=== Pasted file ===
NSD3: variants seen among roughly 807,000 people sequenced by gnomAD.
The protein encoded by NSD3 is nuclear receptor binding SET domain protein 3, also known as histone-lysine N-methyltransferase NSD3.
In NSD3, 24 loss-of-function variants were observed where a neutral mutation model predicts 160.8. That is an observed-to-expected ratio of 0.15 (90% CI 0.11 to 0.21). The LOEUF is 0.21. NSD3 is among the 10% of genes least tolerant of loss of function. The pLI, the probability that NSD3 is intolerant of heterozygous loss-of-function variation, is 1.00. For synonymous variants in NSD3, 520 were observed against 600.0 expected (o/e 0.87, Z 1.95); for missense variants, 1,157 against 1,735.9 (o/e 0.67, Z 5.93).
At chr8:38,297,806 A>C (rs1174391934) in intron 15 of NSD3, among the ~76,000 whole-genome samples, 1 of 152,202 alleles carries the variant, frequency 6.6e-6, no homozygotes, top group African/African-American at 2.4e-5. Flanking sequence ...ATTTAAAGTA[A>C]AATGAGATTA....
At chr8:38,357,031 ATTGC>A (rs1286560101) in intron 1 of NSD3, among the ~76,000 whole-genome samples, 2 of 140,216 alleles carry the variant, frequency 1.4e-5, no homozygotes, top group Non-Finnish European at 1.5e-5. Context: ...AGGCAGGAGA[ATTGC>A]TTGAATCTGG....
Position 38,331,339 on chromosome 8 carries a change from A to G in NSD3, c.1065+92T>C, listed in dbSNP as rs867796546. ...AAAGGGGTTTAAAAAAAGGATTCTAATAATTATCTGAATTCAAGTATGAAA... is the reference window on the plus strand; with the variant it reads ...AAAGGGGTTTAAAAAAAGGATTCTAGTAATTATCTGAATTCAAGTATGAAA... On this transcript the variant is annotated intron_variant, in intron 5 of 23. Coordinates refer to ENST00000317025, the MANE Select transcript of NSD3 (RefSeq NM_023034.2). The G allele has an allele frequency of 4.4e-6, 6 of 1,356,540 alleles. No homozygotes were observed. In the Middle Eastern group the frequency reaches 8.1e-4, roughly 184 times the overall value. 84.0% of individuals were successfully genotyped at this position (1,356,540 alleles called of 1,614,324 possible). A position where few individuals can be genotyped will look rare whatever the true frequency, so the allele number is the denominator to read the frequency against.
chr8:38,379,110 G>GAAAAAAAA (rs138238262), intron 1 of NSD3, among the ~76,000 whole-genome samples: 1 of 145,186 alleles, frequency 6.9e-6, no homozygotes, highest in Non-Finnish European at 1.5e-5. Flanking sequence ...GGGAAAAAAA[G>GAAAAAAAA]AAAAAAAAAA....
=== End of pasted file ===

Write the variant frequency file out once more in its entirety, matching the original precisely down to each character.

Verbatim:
NSD3: variants seen among roughly 807,000 people sequenced by gnomAD.
The protein encoded by NSD3 is nuclear receptor binding SET domain protein 3, also known as histone-lysine N-methyltransferase NSD3.
In NSD3, 24 loss-of-function variants were observed where a neutral mutation model predicts 160.8. That is an observed-to-expected ratio of 0.15 (90% CI 0.11 to 0.21). The LOEUF is 0.21. NSD3 is among the 10% of genes least tolerant of loss of function. The pLI, the probability that NSD3 is intolerant of heterozygous loss-of-function variation, is 1.00. For synonymous variants in NSD3, 520 were observed against 600.0 expected (o/e 0.87, Z 1.95); for missense variants, 1,157 against 1,735.9 (o/e 0.67, Z 5.93).
At chr8:38,297,806 A>C (rs1174391934) in intron 15 of NSD3, among the ~76,000 whole-genome samples, 1 of 152,202 alleles carries the variant, frequency 6.6e-6, no homozygotes, top group African/African-American at 2.4e-5. Flanking sequence ...ATTTAAAGTA[A>C]AATGAGATTA....
At chr8:38,357,031 ATTGC>A (rs1286560101) in intron 1 of NSD3, among the ~76,000 whole-genome samples, 2 of 140,216 alleles carry the variant, frequency 1.4e-5, no homozygotes, top group Non-Finnish European at 1.5e-5. Context: ...AGGCAGGAGA[ATTGC>A]TTGAATCTGG....
Position 38,331,339 on chromosome 8 carries a change from A to G in NSD3, c.1065+92T>C, listed in dbSNP as rs867796546. ...AAAGGGGTTTAAAAAAAGGATTCTAATAATTATCTGAATTCAAGTATGAAA... is the reference window on the plus strand; with the variant it reads ...AAAGGGGTTTAAAAAAAGGATTCTAGTAATTATCTGAATTCAAGTATGAAA... On this transcript the variant is annotated intron_variant, in intron 5 of 23. Coordinates refer to ENST00000317025, the MANE Select transcript of NSD3 (RefSeq NM_023034.2). The G allele has an allele frequency of 4.4e-6, 6 of 1,356,540 alleles. No homozygotes were observed. In the Middle Eastern group the frequency reaches 8.1e-4, roughly 184 times the overall value. 84.0% of individuals were successfully genotyped at this position (1,356,540 alleles called of 1,614,324 possible). A position where few individuals can be genotyped will look rare whatever the true frequency, so the allele number is the denominator to read the frequency against.
chr8:38,379,110 G>GAAAAAAAA (rs138238262), intron 1 of NSD3, among the ~76,000 whole-genome samples: 1 of 145,186 alleles, frequency 6.9e-6, no homozygotes, highest in Non-Finnish European at 1.5e-5. Flanking sequence ...GGGAAAAAAA[G>GAAAAAAAA]AAAAAAAAAA....